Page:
I just got my new Cooks sharpener today. Prof. Gene, it kisses the face of the tooth, slides just about to the bottom of the gullet, and then just kisses all up the back side of the other tooth, in a gentle sweeping motion. Is this good for the blade? It hardly grinds any steel away, but it seems like a lot of grinding. Is there a book that gives all the thinking on blade sharpening?
There was a whole insert in one of the latest editions of Sawmill and Woodlot Magazine dedicated to saw blades and sharpening.
The gullet has to be sharpened along with the tooth, to keep the proper relationship to tooth height for proper feed rate and sawdust removal.
Gene Wengert, forum moderator
Here are a couple of suggestions:
You may look for a maximum-depth adjustment. The Wood-Mizer has one, but they recommend setting it all the way out so it's not effective. One way to see if it's not letting the grinding wheel all the way down is to watch the roller going around the cam. If it contacts all the way around, everything is fine. If it rises off the cam, something is keeping the grinding wheel from coming down as far as it should.
If it's not the depth adjustment, then it sounds to me like you need to dress down your grinding wheel on the face that rides up the back side of the sawtooth. Then you can adjust your grinding depth down so it will grind the bottom and still hit the upslope of the next tooth. Try this a little at a time until it will uniformly follow the tooth contour, or give you the desired depth. At least that's what I'd do with my Wood-Mizer sharpener.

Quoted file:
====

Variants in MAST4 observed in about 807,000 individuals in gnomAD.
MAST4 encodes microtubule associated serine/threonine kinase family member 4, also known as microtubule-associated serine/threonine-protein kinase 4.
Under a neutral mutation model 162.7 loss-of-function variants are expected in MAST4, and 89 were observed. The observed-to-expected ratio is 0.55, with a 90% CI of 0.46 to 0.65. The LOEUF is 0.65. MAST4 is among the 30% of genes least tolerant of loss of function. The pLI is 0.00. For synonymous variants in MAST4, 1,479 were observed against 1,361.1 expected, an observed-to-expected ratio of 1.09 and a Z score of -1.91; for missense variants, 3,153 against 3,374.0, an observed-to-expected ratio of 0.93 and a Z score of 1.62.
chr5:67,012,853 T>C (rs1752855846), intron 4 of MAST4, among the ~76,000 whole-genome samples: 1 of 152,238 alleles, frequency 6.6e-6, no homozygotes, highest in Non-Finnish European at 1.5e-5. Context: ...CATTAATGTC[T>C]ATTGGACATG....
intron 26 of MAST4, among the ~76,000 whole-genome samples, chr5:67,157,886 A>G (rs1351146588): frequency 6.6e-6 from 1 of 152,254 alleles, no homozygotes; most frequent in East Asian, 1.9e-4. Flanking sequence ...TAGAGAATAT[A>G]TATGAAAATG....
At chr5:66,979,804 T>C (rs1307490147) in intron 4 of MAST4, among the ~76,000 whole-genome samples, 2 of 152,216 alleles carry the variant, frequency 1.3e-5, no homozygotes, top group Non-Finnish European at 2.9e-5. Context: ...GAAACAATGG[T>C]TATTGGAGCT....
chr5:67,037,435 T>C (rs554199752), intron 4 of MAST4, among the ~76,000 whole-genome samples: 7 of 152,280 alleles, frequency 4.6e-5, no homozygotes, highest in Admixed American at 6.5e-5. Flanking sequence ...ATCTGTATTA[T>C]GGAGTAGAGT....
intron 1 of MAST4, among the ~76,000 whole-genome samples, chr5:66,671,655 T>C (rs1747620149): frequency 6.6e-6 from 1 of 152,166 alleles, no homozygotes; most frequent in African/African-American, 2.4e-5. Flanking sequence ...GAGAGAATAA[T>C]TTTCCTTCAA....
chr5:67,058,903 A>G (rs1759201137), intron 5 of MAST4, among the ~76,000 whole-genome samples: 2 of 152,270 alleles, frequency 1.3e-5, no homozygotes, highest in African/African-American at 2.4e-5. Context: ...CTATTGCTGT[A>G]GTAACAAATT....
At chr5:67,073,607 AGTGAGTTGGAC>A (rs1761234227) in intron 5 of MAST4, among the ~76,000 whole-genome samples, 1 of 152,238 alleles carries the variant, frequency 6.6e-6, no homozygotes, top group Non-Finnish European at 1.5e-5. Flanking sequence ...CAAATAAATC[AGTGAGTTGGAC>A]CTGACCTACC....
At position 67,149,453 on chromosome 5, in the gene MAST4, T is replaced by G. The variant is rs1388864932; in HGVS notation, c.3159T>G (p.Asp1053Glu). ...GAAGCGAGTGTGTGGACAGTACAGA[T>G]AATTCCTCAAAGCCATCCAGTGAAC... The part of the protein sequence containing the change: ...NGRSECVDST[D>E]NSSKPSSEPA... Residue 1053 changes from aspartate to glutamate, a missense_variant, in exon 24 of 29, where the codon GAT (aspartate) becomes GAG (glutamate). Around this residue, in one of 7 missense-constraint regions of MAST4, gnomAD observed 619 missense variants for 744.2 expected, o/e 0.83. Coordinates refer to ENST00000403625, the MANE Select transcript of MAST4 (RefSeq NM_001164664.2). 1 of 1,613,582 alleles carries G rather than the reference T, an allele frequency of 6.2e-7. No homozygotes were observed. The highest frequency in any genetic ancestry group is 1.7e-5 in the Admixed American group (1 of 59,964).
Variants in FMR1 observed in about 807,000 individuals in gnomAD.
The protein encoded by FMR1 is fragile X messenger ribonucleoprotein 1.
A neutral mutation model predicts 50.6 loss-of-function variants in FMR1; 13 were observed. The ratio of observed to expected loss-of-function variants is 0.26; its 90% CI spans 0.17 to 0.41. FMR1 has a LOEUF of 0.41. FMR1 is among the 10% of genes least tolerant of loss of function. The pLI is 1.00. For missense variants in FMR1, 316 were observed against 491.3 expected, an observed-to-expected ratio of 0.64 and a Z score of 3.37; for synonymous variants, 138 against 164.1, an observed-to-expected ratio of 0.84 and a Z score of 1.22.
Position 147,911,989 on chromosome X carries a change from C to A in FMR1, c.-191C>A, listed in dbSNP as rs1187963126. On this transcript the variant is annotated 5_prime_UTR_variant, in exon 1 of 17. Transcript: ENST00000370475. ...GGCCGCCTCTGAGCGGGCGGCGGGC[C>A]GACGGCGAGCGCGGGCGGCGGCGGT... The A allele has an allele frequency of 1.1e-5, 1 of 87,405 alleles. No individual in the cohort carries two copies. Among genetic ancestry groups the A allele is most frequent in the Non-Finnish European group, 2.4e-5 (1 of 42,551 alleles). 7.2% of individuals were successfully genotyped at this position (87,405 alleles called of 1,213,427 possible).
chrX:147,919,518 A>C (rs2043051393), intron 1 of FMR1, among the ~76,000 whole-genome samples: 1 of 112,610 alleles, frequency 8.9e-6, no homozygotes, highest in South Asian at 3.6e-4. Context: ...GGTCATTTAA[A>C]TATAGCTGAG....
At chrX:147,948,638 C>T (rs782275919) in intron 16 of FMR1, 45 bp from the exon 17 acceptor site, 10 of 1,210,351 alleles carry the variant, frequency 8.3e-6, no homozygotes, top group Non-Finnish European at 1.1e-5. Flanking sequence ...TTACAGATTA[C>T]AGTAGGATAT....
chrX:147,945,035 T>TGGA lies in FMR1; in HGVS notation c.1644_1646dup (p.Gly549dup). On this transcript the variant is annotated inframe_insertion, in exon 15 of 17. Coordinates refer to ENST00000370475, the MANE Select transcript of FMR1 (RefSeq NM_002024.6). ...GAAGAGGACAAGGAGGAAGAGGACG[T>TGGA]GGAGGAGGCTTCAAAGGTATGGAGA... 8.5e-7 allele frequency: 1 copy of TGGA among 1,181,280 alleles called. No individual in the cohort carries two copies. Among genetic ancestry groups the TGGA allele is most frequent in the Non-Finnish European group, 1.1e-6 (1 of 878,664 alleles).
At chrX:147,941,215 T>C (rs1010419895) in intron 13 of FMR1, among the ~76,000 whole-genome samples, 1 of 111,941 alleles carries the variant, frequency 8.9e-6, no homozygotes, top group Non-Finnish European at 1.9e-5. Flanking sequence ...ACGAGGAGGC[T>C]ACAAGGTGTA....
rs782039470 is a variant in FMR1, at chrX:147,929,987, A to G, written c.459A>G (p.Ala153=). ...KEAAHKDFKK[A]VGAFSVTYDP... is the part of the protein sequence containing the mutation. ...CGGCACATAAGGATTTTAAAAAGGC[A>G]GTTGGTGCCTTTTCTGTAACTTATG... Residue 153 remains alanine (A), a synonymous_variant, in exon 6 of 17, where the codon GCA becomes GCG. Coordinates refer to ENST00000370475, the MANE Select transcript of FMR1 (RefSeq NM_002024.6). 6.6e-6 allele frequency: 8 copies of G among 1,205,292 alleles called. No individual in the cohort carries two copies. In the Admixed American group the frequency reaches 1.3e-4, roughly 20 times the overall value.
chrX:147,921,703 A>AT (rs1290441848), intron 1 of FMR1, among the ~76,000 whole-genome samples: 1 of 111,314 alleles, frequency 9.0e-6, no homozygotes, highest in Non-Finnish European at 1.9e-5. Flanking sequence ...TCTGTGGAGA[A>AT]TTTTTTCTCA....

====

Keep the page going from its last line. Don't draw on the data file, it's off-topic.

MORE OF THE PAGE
The original profile of your tooth is apparently not exactly the same as what the grinder is using -- it will take a couple of passes to get it the same. Remember that the grinding wheel wears a little, too.
One trick is to trace the tooth (and gullet) on a piece of very fine graph paper. This gives you the profile and if you count the squares, you can determine gullet area, which, as previously stated, is critical to maintain.
Again, remember that the points and side of the tooth are probably more important than the top of the tooth -- the sides contact the face of the lumber.